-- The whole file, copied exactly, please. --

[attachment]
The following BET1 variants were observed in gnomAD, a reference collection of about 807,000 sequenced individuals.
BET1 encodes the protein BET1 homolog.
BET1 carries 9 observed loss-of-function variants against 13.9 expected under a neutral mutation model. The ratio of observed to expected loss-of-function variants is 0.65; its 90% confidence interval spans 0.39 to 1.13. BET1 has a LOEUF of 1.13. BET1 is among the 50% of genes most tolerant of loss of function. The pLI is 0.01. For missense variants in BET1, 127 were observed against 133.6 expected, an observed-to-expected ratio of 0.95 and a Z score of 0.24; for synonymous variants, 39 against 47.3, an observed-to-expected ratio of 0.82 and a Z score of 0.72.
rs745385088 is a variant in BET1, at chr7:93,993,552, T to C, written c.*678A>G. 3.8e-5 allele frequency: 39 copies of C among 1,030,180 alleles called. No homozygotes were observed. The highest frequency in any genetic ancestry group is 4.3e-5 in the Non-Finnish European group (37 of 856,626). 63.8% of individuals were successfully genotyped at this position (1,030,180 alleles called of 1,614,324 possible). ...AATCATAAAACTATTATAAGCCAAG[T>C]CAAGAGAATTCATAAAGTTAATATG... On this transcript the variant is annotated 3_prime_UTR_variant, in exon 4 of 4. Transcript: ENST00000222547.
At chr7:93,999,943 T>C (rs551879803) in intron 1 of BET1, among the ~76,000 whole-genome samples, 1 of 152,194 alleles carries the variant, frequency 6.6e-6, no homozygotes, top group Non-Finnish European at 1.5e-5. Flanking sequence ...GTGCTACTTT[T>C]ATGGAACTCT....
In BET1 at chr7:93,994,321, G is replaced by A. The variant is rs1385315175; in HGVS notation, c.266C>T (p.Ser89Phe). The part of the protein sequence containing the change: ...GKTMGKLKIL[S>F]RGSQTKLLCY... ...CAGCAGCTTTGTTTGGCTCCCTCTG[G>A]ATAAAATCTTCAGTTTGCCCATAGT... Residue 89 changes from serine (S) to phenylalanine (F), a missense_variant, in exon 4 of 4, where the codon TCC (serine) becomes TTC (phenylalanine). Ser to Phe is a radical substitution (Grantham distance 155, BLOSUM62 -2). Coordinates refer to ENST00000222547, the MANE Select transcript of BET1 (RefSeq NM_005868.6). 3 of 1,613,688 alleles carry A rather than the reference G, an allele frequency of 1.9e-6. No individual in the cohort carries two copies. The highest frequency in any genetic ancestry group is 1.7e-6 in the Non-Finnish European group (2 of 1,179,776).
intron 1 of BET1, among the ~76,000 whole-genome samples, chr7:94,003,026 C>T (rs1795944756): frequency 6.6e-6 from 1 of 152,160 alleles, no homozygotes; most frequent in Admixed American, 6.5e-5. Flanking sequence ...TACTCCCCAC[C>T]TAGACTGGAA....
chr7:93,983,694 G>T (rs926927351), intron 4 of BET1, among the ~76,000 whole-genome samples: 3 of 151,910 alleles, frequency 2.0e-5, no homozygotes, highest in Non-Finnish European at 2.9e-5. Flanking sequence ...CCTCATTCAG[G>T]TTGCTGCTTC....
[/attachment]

The following BET1 variants were observed in gnomAD, a reference collection of about 807,000 sequenced individuals.
BET1 encodes the protein BET1 homolog.
BET1 carries 9 observed loss-of-function variants against 13.9 expected under a neutral mutation model. The ratio of observed to expected loss-of-function variants is 0.65; its 90% confidence interval spans 0.39 to 1.13. BET1 has a LOEUF of 1.13. BET1 is among the 50% of genes most tolerant of loss of function. The pLI is 0.01. For missense variants in BET1, 127 were observed against 133.6 expected, an observed-to-expected ratio of 0.95 and a Z score of 0.24; for synonymous variants, 39 against 47.3, an observed-to-expected ratio of 0.82 and a Z score of 0.72.
rs745385088 is a variant in BET1, at chr7:93,993,552, T to C, written c.*678A>G. 3.8e-5 allele frequency: 39 copies of C among 1,030,180 alleles called. No homozygotes were observed. The highest frequency in any genetic ancestry group is 4.3e-5 in the Non-Finnish European group (37 of 856,626). 63.8% of individuals were successfully genotyped at this position (1,030,180 alleles called of 1,614,324 possible). ...AATCATAAAACTATTATAAGCCAAG[T>C]CAAGAGAATTCATAAAGTTAATATG... On this transcript the variant is annotated 3_prime_UTR_variant, in exon 4 of 4. Transcript: ENST00000222547.
At chr7:93,999,943 T>C (rs551879803) in intron 1 of BET1, among the ~76,000 whole-genome samples, 1 of 152,194 alleles carries the variant, frequency 6.6e-6, no homozygotes, top group Non-Finnish European at 1.5e-5. Flanking sequence ...GTGCTACTTT[T>C]ATGGAACTCT....
In BET1 at chr7:93,994,321, G is replaced by A. The variant is rs1385315175; in HGVS notation, c.266C>T (p.Ser89Phe). The part of the protein sequence containing the change: ...GKTMGKLKIL[S>F]RGSQTKLLCY... ...CAGCAGCTTTGTTTGGCTCCCTCTG[G>A]ATAAAATCTTCAGTTTGCCCATAGT... Residue 89 changes from serine (S) to phenylalanine (F), a missense_variant, in exon 4 of 4, where the codon TCC (serine) becomes TTC (phenylalanine). Ser to Phe is a radical substitution (Grantham distance 155, BLOSUM62 -2). Coordinates refer to ENST00000222547, the MANE Select transcript of BET1 (RefSeq NM_005868.6). 3 of 1,613,688 alleles carry A rather than the reference G, an allele frequency of 1.9e-6. No individual in the cohort carries two copies. The highest frequency in any genetic ancestry group is 1.7e-6 in the Non-Finnish European group (2 of 1,179,776).
intron 1 of BET1, among the ~76,000 whole-genome samples, chr7:94,003,026 C>T (rs1795944756): frequency 6.6e-6 from 1 of 152,160 alleles, no homozygotes; most frequent in Admixed American, 6.5e-5. Flanking sequence ...TACTCCCCAC[C>T]TAGACTGGAA....
chr7:93,983,694 G>T (rs926927351), intron 4 of BET1, among the ~76,000 whole-genome samples: 3 of 151,910 alleles, frequency 2.0e-5, no homozygotes, highest in Non-Finnish European at 2.9e-5. Flanking sequence ...CCTCATTCAG[G>T]TTGCTGCTTC....